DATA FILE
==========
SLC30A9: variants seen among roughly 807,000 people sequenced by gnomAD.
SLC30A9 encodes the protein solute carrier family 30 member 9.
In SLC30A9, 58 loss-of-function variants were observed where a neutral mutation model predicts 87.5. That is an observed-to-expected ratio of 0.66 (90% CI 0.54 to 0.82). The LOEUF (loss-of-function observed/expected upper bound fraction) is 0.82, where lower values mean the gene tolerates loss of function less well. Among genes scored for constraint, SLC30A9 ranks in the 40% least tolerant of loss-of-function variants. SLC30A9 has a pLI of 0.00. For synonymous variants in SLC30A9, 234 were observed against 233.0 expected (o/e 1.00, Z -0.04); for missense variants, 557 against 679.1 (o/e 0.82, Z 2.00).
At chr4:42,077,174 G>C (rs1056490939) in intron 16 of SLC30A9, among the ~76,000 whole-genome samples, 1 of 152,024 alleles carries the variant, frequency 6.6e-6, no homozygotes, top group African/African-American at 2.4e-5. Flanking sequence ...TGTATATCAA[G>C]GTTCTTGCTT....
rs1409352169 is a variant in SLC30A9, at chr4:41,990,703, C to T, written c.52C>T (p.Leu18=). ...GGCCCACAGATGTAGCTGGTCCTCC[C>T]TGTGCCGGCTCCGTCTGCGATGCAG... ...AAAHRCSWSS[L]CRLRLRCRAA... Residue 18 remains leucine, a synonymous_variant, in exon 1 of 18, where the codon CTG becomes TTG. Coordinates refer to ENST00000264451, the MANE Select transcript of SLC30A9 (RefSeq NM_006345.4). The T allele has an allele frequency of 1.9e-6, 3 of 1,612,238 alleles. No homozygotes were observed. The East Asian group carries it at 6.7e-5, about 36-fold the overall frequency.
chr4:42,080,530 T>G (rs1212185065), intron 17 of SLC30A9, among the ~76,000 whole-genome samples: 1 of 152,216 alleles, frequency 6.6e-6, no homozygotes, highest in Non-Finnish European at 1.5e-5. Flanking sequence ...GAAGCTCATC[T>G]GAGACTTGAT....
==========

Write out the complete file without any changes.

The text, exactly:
SLC30A9: variants seen among roughly 807,000 people sequenced by gnomAD.
SLC30A9 encodes the protein solute carrier family 30 member 9.
In SLC30A9, 58 loss-of-function variants were observed where a neutral mutation model predicts 87.5. That is an observed-to-expected ratio of 0.66 (90% CI 0.54 to 0.82). The LOEUF (loss-of-function observed/expected upper bound fraction) is 0.82, where lower values mean the gene tolerates loss of function less well. Among genes scored for constraint, SLC30A9 ranks in the 40% least tolerant of loss-of-function variants. SLC30A9 has a pLI of 0.00. For synonymous variants in SLC30A9, 234 were observed against 233.0 expected (o/e 1.00, Z -0.04); for missense variants, 557 against 679.1 (o/e 0.82, Z 2.00).
At chr4:42,077,174 G>C (rs1056490939) in intron 16 of SLC30A9, among the ~76,000 whole-genome samples, 1 of 152,024 alleles carries the variant, frequency 6.6e-6, no homozygotes, top group African/African-American at 2.4e-5. Flanking sequence ...TGTATATCAA[G>C]GTTCTTGCTT....
rs1409352169 is a variant in SLC30A9, at chr4:41,990,703, C to T, written c.52C>T (p.Leu18=). ...GGCCCACAGATGTAGCTGGTCCTCC[C>T]TGTGCCGGCTCCGTCTGCGATGCAG... ...AAAHRCSWSS[L]CRLRLRCRAA... Residue 18 remains leucine, a synonymous_variant, in exon 1 of 18, where the codon CTG becomes TTG. Coordinates refer to ENST00000264451, the MANE Select transcript of SLC30A9 (RefSeq NM_006345.4). The T allele has an allele frequency of 1.9e-6, 3 of 1,612,238 alleles. No homozygotes were observed. The East Asian group carries it at 6.7e-5, about 36-fold the overall frequency.
chr4:42,080,530 T>G (rs1212185065), intron 17 of SLC30A9, among the ~76,000 whole-genome samples: 1 of 152,216 alleles, frequency 6.6e-6, no homozygotes, highest in Non-Finnish European at 1.5e-5. Flanking sequence ...GAAGCTCATC[T>G]GAGACTTGAT....